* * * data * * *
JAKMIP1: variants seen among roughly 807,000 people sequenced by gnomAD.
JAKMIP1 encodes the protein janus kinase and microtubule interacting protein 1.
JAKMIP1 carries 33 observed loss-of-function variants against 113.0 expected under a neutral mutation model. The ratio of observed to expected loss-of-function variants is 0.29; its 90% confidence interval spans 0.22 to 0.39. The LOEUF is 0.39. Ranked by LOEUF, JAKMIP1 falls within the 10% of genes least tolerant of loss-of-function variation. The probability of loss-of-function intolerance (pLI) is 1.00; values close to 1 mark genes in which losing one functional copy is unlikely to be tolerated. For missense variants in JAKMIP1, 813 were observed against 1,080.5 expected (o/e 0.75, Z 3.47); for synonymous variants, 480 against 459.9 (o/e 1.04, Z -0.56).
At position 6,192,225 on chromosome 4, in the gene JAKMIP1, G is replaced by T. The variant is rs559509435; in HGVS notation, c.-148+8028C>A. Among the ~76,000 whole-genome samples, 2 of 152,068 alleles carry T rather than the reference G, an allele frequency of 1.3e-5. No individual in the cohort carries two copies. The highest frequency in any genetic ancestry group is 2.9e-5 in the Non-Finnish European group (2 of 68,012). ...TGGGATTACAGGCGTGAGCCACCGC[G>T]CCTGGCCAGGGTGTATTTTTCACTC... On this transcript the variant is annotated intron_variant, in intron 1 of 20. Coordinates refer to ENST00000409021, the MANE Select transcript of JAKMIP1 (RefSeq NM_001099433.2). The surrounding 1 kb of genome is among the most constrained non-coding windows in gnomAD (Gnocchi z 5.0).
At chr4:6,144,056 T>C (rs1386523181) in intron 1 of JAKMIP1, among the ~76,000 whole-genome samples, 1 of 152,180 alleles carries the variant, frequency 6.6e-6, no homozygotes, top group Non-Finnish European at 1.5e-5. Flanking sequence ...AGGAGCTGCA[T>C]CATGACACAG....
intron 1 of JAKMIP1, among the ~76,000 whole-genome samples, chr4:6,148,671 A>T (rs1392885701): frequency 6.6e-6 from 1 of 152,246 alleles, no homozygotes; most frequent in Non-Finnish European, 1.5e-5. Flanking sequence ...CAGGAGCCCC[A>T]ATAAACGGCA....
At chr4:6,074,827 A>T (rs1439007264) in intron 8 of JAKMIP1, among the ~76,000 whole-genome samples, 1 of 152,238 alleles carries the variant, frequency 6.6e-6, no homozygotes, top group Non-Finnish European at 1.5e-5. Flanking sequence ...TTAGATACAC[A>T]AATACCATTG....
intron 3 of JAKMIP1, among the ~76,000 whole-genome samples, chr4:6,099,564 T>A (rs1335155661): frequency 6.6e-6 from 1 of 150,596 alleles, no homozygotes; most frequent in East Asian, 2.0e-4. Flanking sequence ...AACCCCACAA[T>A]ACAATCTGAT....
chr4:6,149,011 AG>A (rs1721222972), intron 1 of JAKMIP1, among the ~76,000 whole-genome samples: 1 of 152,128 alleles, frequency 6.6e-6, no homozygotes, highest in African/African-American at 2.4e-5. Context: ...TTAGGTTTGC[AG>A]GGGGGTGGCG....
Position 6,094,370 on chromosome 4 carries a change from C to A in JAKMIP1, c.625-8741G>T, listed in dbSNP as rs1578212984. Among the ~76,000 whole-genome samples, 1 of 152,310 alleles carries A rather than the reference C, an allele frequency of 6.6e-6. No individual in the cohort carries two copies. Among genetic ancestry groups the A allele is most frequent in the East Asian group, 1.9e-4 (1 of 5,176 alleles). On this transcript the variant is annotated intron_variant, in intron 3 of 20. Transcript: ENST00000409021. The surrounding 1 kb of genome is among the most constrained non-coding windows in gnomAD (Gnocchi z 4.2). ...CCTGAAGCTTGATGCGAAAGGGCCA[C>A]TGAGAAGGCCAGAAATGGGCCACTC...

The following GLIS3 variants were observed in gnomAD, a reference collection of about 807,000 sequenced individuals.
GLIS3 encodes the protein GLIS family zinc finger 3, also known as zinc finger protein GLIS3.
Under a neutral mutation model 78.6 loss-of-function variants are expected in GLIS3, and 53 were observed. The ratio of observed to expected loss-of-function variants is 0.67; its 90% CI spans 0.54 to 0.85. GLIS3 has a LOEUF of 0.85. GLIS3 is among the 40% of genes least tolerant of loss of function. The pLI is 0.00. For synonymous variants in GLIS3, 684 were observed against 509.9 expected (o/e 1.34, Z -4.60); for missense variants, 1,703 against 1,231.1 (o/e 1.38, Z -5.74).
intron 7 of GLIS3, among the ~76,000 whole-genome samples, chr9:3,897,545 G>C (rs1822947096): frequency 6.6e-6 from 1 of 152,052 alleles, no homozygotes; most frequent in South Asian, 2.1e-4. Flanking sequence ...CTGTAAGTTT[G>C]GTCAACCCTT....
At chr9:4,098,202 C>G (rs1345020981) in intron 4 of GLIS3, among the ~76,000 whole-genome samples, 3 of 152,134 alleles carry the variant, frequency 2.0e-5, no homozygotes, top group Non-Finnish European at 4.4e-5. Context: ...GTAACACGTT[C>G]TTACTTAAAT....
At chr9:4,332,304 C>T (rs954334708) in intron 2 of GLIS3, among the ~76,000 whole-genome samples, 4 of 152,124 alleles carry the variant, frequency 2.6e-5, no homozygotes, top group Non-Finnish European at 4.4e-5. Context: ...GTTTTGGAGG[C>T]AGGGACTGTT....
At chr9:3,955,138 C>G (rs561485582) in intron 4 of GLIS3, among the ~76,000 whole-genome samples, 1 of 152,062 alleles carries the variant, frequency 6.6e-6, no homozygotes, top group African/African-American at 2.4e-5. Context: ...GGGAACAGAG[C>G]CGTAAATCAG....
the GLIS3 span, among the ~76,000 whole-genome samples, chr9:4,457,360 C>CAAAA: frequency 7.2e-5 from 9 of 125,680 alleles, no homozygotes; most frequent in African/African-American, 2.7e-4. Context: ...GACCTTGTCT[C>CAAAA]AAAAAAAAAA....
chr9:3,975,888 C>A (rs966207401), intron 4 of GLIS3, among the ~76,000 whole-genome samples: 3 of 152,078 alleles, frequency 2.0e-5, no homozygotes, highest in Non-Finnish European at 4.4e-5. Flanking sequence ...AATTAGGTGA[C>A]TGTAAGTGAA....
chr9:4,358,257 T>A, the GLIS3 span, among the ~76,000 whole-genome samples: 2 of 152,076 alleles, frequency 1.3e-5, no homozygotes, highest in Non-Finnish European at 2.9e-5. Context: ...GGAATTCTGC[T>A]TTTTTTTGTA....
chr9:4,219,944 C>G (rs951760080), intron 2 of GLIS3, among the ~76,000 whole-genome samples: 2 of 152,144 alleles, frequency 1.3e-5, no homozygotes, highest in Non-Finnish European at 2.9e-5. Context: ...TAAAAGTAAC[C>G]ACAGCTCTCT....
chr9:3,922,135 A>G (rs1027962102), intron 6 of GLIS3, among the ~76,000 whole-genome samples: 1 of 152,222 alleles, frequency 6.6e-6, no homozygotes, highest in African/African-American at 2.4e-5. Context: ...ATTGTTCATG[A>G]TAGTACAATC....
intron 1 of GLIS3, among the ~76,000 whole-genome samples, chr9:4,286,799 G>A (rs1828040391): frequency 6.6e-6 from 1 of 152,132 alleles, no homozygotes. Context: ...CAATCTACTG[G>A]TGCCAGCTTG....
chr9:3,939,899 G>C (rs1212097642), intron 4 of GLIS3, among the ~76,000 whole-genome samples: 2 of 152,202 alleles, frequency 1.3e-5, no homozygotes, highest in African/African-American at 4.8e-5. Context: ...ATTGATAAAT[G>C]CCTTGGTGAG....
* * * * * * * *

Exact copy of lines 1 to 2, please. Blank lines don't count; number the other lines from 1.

JAKMIP1: variants seen among roughly 807,000 people sequenced by gnomAD.
JAKMIP1 encodes the protein janus kinase and microtubule interacting protein 1.